Kale was the first plant I started to grow in our Urban Potager 10 yrs ago.
I am planting more kale this spring. I have been experimenting with growing food in the winter months within our zone 5 garden for a decade. It keeps evolving as to what I do as I learn and observe what works for “my unique” growing environment. I can try what others do, but my microclimate is unique to my area I live in; an urban area so it is sheltered by many buildings which means I can grow earlier and later than people that live out in rural areas. I know several people that live out on farms outside our metropolis, and they are a month later ( or more) in starting crops outside.
This is one of the advantages of growing in a city for you have protection from high winds and extremes in both summer and winter. Often the soil warms up earlier in the spring and freezes much later in the winter. In your own small space, you have warmer and colder zones. I can push a stick in the ground even today and go down at least 5 inches and other places it is frozen solid! Know your growing area, and you can grow many crops longer than those that live out in open areas. Our kale this year has been surviving “breaking cold records” for Illinois.Maybe I should let some of my plants go to seed to have seed acclimated to these harsh temps. If I can keep the plants alive that long!
Today I am harvesting some Kale for my vegetable egg rolls. I was experimenting this winter to see which “types of Kale” would last through our winter unprotected in the garden beds. Our winter weather dips typically below zero but usually, it warms up after a few days, and our Kale thaws out.
Over the years, I have been looking for food sources that do not require a lot of work to keep going in the fall-winter. I don’t have the space to set up a greenhouse. I would lose too much-growing area. However, I can cover my winter crops with plastic. I just got busy this fall and did not get back to setting the beds up with protection. Well, out of my neglect, I decided to trial ALL of my kale without a cover! I have learned over the years how to utilize a situation to my advantage. LOL
Kale is a fantastic food source for late winter growing in our zone. It is still growing despite the extreme weather, but I did not plant enough plants to provide greens into early spring. I have left plants in the beds until early spring, and they start leafing out. I feel Dwarf ( curled) Blue Scotch and Scarlet open-pollinate kale re the best for winter growing. They can tolerate extreme cold and be snow covered. I am trying Redbor( not open-pollinated) this year. I like red kale types due to their healthy anthocyanins (read more about anthocyanins here)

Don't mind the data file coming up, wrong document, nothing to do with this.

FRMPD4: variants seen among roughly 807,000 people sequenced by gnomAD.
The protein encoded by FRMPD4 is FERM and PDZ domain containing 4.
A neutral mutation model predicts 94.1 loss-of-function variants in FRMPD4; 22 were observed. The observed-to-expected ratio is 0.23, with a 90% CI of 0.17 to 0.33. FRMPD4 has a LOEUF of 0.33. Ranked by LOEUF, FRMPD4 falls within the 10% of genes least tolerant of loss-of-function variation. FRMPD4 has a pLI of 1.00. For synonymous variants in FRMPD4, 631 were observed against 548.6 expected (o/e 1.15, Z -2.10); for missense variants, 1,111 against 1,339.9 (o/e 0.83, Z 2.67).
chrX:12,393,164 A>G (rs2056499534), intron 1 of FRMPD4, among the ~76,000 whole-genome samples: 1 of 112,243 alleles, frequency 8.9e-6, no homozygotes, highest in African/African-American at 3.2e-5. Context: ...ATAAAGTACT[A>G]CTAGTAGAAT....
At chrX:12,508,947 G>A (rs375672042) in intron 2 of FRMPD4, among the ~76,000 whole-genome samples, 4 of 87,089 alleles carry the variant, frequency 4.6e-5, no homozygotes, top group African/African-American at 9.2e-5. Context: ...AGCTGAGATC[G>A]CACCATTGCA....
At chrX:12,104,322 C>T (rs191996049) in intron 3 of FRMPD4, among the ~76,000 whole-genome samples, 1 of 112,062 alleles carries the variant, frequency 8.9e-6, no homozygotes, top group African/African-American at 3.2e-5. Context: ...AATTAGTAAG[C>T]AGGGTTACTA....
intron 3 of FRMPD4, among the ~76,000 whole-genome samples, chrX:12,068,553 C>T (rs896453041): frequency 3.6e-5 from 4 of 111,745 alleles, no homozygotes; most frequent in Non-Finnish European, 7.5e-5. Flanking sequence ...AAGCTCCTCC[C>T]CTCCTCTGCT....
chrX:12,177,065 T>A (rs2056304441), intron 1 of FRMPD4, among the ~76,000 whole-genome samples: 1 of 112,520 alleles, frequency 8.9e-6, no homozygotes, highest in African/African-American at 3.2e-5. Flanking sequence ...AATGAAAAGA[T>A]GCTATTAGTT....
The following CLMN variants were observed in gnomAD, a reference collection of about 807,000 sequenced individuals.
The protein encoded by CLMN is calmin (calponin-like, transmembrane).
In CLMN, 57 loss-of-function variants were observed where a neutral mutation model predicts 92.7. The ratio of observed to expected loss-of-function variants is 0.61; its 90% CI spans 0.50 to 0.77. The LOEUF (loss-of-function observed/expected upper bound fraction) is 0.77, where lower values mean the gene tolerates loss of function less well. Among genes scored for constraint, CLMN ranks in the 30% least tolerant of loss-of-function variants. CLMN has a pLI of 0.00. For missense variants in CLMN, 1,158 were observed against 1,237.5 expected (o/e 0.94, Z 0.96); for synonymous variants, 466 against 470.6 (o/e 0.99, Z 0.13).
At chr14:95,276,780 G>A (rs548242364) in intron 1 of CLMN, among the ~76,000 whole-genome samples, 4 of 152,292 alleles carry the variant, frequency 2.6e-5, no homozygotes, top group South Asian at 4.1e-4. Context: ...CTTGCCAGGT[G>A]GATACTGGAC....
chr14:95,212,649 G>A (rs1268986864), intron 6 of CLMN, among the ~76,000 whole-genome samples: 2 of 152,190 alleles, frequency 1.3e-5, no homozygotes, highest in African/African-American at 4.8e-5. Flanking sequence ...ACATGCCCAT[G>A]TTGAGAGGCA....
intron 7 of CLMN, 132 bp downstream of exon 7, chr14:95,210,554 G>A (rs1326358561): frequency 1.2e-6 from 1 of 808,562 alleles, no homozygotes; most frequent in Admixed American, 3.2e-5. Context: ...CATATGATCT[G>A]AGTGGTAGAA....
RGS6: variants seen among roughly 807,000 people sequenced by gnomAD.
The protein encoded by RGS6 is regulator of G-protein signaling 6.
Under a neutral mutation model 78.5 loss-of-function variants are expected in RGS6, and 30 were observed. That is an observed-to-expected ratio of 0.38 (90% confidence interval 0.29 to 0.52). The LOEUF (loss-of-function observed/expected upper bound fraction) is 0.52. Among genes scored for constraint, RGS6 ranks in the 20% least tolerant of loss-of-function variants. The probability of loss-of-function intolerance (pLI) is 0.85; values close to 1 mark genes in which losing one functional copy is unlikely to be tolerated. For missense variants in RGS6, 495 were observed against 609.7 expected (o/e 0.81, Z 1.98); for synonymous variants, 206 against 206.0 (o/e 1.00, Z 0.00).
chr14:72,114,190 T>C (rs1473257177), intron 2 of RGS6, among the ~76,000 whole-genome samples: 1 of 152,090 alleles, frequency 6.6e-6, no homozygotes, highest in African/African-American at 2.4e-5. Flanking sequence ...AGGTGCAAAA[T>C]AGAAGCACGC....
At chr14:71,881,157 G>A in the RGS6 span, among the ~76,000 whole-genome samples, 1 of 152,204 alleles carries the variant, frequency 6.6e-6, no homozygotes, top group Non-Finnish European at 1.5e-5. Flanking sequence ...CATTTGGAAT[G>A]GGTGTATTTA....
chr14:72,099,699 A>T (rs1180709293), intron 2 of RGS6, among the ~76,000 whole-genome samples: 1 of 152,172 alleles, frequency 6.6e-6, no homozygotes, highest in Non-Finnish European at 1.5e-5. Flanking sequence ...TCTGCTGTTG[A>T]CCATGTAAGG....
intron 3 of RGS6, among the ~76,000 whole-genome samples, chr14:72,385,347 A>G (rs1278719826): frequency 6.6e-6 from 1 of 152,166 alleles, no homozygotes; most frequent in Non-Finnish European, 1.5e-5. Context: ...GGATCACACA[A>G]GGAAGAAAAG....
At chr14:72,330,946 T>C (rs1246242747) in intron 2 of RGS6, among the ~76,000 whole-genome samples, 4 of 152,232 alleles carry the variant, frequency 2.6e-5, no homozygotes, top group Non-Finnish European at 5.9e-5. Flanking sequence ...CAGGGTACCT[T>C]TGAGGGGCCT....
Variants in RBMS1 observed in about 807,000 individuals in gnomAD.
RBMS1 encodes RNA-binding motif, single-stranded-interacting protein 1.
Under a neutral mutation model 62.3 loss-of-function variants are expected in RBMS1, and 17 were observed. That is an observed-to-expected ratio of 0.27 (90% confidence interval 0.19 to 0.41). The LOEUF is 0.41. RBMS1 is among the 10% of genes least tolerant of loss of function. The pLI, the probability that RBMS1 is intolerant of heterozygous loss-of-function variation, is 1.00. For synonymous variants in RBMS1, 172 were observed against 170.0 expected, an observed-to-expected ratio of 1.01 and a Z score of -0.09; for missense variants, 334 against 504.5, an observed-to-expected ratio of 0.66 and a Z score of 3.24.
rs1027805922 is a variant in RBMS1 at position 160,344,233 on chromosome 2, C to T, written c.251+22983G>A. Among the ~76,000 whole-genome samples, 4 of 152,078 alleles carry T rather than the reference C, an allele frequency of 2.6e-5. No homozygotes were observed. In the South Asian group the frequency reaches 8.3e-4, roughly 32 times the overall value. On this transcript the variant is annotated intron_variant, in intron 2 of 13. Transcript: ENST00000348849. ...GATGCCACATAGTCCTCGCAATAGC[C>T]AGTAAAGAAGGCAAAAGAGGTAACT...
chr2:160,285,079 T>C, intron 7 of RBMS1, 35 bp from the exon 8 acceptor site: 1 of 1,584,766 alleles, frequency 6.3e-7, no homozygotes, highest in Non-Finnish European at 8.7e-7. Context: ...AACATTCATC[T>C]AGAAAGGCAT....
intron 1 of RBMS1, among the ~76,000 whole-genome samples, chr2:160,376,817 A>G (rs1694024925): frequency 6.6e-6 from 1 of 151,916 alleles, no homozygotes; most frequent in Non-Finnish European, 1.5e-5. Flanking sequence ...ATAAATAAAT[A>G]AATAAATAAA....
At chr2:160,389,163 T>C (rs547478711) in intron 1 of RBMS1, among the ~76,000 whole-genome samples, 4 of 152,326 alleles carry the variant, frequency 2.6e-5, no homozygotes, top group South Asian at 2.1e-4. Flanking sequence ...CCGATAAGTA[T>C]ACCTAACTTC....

The best part about Kale is it can be used in many recipes. At this time of year, most of our greens come from California or Mexico. I no longer have to depend on Kale being grown miles away. I can provide most of my kale throughout the year from my Urban Potager. Unlike lettuce, which I am trying to grow in my Urban Potager or source locally in our area or state. I have found several farms a few hours from my house that grow lettuce hydroponically or in greenhouses. I am planning to shelter space in our Urban potager where it might be possible to grow some lettuce greens year round. I have one area protected near our house and with southern exposure. I just need to figure out how I can make it happen after January. Previous years, I have been able to grow some winter lettuce until about early December. It will be something to explore this year and plan for next winter.
Right now, Kale is my go to green in the middle of winter. It is a workhorse when it comes to handling harsh winters. I hope to have more growing in our winter garden next year.
Time to get growing for 2018!!!! Happy Gardening Everyone. It will be a great year!